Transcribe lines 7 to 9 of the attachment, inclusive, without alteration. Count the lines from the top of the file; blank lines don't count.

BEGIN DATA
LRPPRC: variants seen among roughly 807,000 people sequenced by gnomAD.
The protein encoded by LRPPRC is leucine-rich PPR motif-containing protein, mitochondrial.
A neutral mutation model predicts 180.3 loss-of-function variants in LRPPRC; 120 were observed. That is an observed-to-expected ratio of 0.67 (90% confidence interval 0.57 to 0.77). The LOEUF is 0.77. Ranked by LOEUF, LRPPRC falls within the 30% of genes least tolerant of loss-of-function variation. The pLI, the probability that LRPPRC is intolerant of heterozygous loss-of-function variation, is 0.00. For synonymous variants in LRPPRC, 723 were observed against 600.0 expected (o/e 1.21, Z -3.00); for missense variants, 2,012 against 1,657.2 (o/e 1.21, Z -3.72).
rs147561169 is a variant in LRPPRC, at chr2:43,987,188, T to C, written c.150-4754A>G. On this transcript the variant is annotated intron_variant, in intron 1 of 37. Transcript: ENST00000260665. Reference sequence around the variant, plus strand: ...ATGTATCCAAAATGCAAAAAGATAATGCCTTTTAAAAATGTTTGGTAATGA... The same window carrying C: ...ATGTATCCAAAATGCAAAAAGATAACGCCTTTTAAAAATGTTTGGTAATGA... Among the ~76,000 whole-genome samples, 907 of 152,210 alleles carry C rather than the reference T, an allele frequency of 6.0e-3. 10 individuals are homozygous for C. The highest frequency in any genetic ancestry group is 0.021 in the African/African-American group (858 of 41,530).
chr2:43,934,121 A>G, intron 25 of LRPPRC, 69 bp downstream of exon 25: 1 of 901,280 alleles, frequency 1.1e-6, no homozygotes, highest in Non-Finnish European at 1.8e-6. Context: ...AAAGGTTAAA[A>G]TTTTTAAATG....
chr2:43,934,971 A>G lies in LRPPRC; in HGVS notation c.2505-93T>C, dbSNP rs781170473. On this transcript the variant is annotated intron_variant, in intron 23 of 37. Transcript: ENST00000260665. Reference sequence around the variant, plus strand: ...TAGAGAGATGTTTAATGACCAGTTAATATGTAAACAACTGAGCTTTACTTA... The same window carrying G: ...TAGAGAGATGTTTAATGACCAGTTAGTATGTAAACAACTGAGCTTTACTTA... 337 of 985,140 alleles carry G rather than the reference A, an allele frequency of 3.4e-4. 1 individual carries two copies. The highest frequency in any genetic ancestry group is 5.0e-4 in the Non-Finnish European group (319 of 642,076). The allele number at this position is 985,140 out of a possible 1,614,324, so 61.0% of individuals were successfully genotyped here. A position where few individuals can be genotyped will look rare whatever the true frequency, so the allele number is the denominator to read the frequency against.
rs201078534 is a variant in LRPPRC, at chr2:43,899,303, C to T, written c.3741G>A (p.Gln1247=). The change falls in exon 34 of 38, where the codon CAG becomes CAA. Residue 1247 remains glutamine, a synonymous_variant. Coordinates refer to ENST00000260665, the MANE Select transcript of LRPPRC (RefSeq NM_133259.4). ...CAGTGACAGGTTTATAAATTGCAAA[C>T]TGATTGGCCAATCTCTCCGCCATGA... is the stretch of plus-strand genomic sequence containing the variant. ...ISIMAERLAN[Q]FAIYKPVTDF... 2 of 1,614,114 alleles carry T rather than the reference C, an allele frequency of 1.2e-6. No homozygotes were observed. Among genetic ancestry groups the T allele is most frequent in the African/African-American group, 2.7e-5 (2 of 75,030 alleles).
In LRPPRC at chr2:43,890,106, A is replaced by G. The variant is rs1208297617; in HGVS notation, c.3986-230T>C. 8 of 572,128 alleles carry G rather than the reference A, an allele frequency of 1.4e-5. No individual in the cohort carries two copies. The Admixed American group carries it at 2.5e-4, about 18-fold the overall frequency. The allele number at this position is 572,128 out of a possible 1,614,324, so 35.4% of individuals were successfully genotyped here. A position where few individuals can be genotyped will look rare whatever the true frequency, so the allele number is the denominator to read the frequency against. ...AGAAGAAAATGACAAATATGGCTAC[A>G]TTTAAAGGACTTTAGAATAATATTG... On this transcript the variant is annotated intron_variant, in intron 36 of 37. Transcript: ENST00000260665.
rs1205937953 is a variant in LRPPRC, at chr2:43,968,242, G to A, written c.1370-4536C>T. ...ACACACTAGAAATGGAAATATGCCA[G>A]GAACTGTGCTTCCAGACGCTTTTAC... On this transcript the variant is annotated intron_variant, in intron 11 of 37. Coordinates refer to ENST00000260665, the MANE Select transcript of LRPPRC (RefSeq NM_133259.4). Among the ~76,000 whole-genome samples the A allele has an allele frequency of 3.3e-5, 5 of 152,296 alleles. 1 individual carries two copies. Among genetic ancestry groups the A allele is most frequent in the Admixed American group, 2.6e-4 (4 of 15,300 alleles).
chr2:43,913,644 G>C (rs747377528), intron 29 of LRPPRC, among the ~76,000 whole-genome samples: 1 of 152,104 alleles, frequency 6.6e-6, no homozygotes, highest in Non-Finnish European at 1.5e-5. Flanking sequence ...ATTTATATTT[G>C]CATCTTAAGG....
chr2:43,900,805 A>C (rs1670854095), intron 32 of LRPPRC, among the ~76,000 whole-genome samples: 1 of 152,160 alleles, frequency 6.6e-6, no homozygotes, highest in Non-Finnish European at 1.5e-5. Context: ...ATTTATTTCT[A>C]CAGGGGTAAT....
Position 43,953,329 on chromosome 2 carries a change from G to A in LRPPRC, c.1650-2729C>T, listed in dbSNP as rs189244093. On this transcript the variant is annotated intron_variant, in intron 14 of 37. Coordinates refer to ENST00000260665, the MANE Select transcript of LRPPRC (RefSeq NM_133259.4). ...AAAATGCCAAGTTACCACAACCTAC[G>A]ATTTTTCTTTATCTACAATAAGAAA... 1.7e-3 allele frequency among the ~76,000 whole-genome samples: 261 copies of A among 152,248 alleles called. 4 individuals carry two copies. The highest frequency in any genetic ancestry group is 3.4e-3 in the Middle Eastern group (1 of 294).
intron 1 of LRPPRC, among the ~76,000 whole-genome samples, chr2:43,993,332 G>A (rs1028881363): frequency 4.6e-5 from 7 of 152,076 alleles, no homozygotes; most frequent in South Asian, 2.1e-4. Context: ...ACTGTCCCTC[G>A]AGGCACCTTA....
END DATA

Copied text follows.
rs201078534 is a variant in LRPPRC, at chr2:43,899,303, C to T, written c.3741G>A (p.Gln1247=). The change falls in exon 34 of 38, where the codon CAG becomes CAA. Residue 1247 remains glutamine, a synonymous_variant. Coordinates refer to ENST00000260665, the MANE Select transcript of LRPPRC (RefSeq NM_133259.4). ...CAGTGACAGGTTTATAAATTGCAAA[C>T]TGATTGGCCAATCTCTCCGCCATGA... is the stretch of plus-strand genomic sequence containing the variant. ...ISIMAERLAN[Q]FAIYKPVTDF... 2 of 1,614,114 alleles carry T rather than the reference C, an allele frequency of 1.2e-6. No homozygotes were observed. Among genetic ancestry groups the T allele is most frequent in the African/African-American group, 2.7e-5 (2 of 75,030 alleles).
In LRPPRC at chr2:43,890,106, A is replaced by G. The variant is rs1208297617; in HGVS notation, c.3986-230T>C. 8 of 572,128 alleles carry G rather than the reference A, an allele frequency of 1.4e-5. No individual in the cohort carries two copies. The Admixed American group carries it at 2.5e-4, about 18-fold the overall frequency. The allele number at this position is 572,128 out of a possible 1,614,324, so 35.4% of individuals were successfully genotyped here. A position where few individuals can be genotyped will look rare whatever the true frequency, so the allele number is the denominator to read the frequency against. ...AGAAGAAAATGACAAATATGGCTAC[A>G]TTTAAAGGACTTTAGAATAATATTG... On this transcript the variant is annotated intron_variant, in intron 36 of 37. Transcript: ENST00000260665.
rs1205937953 is a variant in LRPPRC, at chr2:43,968,242, G to A, written c.1370-4536C>T. ...ACACACTAGAAATGGAAATATGCCA[G>A]GAACTGTGCTTCCAGACGCTTTTAC... On this transcript the variant is annotated intron_variant, in intron 11 of 37. Coordinates refer to ENST00000260665, the MANE Select transcript of LRPPRC (RefSeq NM_133259.4). Among the ~76,000 whole-genome samples the A allele has an allele frequency of 3.3e-5, 5 of 152,296 alleles. 1 individual carries two copies. Among genetic ancestry groups the A allele is most frequent in the Admixed American group, 2.6e-4 (4 of 15,300 alleles).